IMITATION may be the sincerest form of flattery, but sometimes it can come at a price.

In February 1949 the decline of Paisley’s once-formidable shawl industry was traced to the printed imitation. Mr W. Philip Mayes, director of the town’s Art Galleries and Museum, made the point when he spoke at a display of Paisley shawls, some of which dated back to 1805. The true Paisley shawl, he said, cost £20, and the purchaser had to wait some six months for it, but the printed imitation cost £5 and could be obtained in about a fortnight.

The printed shawl had appeared in about 1850, and its cheapness had produced for a time a popularity which caused producers of the true Paisley shawl to turn to some other attraction. “The prints were so clever that at five yards they were indistinguishable from the real thing”, he added.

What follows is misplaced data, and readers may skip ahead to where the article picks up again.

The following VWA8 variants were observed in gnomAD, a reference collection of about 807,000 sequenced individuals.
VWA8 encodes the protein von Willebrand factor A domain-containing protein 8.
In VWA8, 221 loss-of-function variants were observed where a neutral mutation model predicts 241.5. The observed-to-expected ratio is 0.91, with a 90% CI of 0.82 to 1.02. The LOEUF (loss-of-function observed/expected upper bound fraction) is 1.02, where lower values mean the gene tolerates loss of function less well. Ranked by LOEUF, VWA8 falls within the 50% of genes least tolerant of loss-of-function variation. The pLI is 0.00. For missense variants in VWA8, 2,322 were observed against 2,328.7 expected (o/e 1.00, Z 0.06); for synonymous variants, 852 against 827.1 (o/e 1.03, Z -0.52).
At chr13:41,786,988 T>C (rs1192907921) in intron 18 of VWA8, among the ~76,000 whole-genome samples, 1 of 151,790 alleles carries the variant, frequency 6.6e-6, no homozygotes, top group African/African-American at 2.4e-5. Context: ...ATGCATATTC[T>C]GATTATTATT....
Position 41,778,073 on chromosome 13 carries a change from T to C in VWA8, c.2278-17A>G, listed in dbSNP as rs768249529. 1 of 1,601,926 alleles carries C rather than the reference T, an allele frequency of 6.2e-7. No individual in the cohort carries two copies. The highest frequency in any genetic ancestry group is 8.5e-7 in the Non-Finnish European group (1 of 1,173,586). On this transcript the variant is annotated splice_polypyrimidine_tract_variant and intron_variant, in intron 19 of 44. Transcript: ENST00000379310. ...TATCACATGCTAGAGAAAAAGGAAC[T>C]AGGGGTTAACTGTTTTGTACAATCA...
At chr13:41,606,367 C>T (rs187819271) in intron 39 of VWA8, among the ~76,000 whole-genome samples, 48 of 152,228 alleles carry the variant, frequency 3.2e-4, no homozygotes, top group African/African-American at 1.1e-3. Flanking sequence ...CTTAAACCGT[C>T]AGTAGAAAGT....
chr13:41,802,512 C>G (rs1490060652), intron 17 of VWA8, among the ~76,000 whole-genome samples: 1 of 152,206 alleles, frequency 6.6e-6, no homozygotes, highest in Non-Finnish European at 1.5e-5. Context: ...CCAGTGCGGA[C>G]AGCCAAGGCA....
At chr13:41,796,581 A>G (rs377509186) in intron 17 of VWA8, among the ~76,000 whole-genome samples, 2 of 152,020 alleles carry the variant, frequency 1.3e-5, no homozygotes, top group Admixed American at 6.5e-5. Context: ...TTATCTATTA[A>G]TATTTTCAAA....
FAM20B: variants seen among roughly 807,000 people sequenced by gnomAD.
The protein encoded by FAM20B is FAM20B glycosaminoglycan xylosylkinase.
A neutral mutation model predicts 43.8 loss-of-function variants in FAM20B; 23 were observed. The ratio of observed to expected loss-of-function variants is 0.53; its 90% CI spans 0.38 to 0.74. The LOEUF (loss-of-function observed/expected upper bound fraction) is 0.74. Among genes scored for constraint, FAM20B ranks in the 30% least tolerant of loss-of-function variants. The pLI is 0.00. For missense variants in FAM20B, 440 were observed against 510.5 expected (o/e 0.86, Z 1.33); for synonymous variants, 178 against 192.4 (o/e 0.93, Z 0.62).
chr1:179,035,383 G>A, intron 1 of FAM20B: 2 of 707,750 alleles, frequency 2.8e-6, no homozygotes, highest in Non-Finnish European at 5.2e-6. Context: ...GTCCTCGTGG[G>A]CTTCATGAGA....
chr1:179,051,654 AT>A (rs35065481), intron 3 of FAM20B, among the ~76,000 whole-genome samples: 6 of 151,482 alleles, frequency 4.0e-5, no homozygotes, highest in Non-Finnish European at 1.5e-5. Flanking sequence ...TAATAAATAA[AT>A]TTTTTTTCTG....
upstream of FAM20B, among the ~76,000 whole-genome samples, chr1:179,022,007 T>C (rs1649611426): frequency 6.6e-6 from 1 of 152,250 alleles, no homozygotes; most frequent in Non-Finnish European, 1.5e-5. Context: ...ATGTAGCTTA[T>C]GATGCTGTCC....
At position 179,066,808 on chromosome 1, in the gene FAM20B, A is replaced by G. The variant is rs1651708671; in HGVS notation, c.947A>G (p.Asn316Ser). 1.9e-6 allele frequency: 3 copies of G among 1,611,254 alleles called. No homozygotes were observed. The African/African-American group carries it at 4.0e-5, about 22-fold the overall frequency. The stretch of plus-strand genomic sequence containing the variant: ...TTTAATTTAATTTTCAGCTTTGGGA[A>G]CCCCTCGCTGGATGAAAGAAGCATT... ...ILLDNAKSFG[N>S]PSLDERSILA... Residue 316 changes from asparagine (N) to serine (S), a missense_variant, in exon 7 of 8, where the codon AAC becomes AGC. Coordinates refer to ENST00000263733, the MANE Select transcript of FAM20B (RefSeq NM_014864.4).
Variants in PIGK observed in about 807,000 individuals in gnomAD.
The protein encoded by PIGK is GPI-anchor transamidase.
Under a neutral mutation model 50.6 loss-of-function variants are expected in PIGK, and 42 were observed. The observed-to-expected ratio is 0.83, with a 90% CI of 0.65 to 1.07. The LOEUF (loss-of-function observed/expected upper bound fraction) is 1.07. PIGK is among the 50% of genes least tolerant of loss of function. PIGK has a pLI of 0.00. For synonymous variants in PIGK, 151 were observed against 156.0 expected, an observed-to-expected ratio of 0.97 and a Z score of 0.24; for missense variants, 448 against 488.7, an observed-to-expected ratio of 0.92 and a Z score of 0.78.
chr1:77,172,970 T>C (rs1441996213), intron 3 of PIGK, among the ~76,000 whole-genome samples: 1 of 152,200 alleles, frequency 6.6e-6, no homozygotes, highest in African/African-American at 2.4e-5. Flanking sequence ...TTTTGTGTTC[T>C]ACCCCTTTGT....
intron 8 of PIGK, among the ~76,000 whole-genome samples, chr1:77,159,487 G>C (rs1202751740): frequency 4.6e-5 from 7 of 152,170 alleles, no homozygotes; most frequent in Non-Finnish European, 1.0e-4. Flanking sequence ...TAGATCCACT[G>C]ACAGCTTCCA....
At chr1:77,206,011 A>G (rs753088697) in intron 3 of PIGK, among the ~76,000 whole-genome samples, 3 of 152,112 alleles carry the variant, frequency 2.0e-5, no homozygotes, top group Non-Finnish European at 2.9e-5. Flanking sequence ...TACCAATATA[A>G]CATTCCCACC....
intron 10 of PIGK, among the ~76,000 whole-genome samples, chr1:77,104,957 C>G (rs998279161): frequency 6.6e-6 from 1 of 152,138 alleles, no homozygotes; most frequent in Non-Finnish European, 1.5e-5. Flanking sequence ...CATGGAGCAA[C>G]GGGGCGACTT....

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Seventy years after the passing of the industry, some 150 inquiries were being received at the Galleries each year from owners seeking information about their heirlooms. The inquiries, which were often accompanied by the shawls, 99 per cent of which were real ‘Paisleys’, came from across Britain, America and the colonies.

But today the Paisley Pattern is thriving. Last March it was reported that the luxury French label Hermès had consulted 1830s pattern books archived in Paisley to create a “Paisley from Paisley” collection of cashmere and silk scarves.